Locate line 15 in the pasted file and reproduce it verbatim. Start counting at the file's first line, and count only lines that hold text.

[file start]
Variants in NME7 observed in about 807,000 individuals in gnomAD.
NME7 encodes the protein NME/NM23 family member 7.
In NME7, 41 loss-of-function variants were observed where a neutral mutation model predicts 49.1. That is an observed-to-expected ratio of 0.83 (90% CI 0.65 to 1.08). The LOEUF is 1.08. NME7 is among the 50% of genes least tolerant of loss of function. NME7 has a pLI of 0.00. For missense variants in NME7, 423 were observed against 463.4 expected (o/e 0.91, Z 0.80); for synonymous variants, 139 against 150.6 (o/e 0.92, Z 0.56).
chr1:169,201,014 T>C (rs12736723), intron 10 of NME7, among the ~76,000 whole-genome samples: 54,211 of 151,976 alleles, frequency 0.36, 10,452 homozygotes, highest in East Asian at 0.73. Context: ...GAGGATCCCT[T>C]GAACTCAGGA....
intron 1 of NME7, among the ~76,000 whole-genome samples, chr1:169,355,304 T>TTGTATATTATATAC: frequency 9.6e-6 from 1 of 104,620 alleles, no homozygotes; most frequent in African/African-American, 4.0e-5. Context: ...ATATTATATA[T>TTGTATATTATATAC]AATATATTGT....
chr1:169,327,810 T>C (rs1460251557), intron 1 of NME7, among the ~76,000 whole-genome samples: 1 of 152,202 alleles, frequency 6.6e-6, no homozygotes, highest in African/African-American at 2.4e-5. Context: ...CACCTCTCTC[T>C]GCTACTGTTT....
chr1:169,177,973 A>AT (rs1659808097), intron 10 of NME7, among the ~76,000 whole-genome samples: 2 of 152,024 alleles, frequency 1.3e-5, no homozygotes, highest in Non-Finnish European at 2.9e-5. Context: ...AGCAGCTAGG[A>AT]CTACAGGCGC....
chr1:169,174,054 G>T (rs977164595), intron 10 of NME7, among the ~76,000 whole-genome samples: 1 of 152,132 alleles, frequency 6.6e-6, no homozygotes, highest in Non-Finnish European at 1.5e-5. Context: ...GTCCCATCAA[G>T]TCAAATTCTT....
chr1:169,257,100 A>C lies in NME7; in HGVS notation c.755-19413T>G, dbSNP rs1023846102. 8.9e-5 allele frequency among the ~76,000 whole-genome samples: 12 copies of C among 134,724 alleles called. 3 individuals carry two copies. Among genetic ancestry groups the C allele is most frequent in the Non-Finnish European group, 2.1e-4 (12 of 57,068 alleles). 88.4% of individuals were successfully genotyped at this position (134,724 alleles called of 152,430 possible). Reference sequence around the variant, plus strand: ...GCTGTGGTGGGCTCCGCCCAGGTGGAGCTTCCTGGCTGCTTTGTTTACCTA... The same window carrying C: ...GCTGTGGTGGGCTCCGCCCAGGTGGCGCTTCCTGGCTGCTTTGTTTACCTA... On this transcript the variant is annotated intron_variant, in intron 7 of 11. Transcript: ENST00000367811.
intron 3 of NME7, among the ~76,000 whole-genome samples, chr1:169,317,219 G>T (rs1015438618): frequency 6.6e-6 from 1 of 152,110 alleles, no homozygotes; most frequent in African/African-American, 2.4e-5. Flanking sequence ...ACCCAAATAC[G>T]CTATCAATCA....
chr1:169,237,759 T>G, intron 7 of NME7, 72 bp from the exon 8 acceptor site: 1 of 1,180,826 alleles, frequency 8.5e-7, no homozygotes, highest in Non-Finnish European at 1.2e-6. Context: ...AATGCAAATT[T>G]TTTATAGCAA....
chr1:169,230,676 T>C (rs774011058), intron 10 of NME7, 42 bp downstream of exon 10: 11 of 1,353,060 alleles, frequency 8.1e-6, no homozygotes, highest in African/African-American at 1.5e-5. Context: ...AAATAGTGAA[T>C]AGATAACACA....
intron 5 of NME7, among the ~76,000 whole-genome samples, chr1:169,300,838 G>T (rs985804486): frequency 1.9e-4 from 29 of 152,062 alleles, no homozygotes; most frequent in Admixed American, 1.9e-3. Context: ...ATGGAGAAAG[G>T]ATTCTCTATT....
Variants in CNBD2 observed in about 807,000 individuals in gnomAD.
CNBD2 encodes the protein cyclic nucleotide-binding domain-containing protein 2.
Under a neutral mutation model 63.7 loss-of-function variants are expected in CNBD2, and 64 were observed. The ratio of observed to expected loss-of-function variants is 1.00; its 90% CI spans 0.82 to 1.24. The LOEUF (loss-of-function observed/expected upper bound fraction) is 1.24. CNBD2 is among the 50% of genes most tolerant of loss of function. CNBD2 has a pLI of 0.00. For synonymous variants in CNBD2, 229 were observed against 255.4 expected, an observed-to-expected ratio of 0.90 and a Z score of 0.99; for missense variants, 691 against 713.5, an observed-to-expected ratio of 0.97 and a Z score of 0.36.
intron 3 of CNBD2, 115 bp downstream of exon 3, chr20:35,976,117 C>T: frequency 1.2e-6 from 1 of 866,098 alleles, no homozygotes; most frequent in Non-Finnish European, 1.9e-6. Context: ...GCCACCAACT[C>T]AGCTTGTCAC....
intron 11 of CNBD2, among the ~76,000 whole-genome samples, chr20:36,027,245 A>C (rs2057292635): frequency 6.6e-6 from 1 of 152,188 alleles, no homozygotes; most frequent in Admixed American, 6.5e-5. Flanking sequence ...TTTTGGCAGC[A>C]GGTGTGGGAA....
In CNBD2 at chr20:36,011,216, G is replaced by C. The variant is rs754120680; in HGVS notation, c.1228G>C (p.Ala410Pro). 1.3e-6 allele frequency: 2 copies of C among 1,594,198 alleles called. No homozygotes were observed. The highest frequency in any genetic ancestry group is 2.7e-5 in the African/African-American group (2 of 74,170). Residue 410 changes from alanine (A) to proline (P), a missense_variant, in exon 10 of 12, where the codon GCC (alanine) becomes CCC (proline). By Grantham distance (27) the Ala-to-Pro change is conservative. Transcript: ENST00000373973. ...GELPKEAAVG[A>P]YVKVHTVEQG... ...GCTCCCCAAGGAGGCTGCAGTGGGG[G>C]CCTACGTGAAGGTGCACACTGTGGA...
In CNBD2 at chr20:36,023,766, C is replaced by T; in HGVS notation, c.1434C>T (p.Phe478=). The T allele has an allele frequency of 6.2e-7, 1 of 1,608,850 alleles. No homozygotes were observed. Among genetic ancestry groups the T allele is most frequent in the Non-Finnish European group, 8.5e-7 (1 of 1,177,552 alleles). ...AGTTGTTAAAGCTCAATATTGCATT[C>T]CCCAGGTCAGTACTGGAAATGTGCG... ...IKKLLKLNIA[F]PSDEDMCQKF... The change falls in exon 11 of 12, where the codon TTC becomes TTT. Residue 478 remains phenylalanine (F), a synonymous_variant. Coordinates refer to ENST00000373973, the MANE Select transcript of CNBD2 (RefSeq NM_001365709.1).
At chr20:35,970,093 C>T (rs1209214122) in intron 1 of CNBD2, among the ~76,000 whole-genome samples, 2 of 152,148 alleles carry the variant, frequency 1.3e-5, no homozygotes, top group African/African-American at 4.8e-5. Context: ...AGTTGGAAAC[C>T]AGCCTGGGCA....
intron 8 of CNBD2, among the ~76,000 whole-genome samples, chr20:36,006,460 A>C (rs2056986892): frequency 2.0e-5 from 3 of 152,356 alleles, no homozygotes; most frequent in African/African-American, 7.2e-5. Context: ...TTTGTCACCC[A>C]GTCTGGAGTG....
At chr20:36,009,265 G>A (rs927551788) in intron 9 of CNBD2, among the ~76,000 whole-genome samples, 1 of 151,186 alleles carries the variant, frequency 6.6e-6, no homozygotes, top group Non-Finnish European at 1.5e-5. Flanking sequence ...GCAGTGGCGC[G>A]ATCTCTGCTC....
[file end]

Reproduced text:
CNBD2 encodes the protein cyclic nucleotide-binding domain-containing protein 2.